When students land in hot water, they don’t get the same procedural protections as adult citizens do. Typically, they only receive minimal due-process rights. They need only be told what they did wrong and given a chance to respond; they do not need to be given anything in writing before being punished.

A version of this article appeared in the May 08, 2019 edition of Education Week as Constitution Has Limited Reach in Schools

Events

This content is provided by our sponsor. It is not written by and does not necessarily reflect the views of Education Week's editorial staff.
Sponsor
Privacy & Security Webinar
K-12 Cybersecurity in the Real World: Lessons Learned & How to Protect Your School
Gain an expert understanding of how school districts can improve their cyber resilience and get ahead of cybersecurity challenges and threats.
Content provided by Microsoft
This content is provided by our sponsor. It is not written by and does not necessarily reflect the views of Education Week's editorial staff.
Sponsor
Student Well-Being Webinar
Trauma-Informed Schools 101: Best Practices & Key Benefits
Learn how to develop a coordinated plan of action for addressing student trauma and
fostering supportive, healthy environments.
Content provided by Crisis Prevention Institute
Jobs Virtual Career Fair for Teachers and K-12 Staff
Find teaching jobs and other jobs in K-12 education at the EdWeek Top School Jobs virtual career fair.

EdWeek Top School Jobs

Teacher Jobs
Search over ten thousand teaching jobs nationwide — elementary, middle, high school and more.
View Jobs
Principal Jobs
Find hundreds of jobs for principals, assistant principals, and other school leadership roles.
View Jobs
Administrator Jobs
Over a thousand district-level jobs: superintendents, directors, more.
View Jobs
Support Staff Jobs
Search thousands of jobs, from paraprofessionals to counselors and more.
View Jobs

Read Next

Law & Courts A Native Student Barred From Graduation Over a Sacred Feather: Why Her Lawsuit Was Revived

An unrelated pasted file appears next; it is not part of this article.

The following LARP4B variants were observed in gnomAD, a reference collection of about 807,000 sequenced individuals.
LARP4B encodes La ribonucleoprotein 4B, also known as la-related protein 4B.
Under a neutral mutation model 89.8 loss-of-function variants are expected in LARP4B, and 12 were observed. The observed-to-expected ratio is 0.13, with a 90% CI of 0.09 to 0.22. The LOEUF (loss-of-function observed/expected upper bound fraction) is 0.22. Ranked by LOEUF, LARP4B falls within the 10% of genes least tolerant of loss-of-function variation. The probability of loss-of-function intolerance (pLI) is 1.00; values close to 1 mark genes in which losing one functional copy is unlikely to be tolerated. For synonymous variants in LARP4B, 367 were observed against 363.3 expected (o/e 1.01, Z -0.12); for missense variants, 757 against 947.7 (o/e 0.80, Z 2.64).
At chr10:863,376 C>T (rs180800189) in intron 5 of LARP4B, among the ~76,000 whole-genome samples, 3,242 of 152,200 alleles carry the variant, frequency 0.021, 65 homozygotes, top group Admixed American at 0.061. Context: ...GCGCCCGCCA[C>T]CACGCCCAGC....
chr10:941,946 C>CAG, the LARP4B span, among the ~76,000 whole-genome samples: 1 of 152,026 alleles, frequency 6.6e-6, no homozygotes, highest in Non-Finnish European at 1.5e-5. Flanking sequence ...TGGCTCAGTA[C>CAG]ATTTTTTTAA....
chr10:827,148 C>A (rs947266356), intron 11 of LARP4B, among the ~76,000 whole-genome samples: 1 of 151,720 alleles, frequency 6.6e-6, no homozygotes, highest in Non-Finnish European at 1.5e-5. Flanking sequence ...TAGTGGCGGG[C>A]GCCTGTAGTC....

A panel of the U.S. Court of Appeals for the 9th Circuit said a district may have selectively enforced its policy on graduation decorations.
2 min read
Image of a gavel.
Marilyn Nieves/E+
Law & Courts Supreme Court Won't Take Up Cases Seen as Expanding Schools' Liability for Sexual Harassment
The court rejected appeals from a school district and university about when educational institutions may be sued for sexual harassment.
4 min read
Thunder storm sky over the United States Supreme Court building in Washington DC.
iStock/Getty Images Plus
Law & Courts Georgia Educators Plan to Sue Over the State's 'Divisive Concepts' Law
Georgia's could be the sixth lawsuit to challenge state laws limiting classroom discussion of race and racism.
3 min read
Image of a pending lawsuit.
gesrey/iStock/Getty
Law & Courts As a Skeptical Supreme Court Weighs Race in College Admissions, 'Brown' Looms Large
The cases heard Monday involve Harvard and the University of North Carolina, but a decision could be felt in K-12 education.
8 min read
Members of the NAACP Youth and College division rally outside the U.S. Supreme Court as justices heard oral arguments on two cases on whether colleges and universities can continue to consider race as a factor in admissions decisions Oct. 31, 2022.
Members of the NAACP Youth and College division rally outside the U.S. Supreme Court as justices hear oral arguments on whether colleges and universities can continue to consider race as a factor in admissions.
Francis Chung/E&E News/POLITICO via AP Images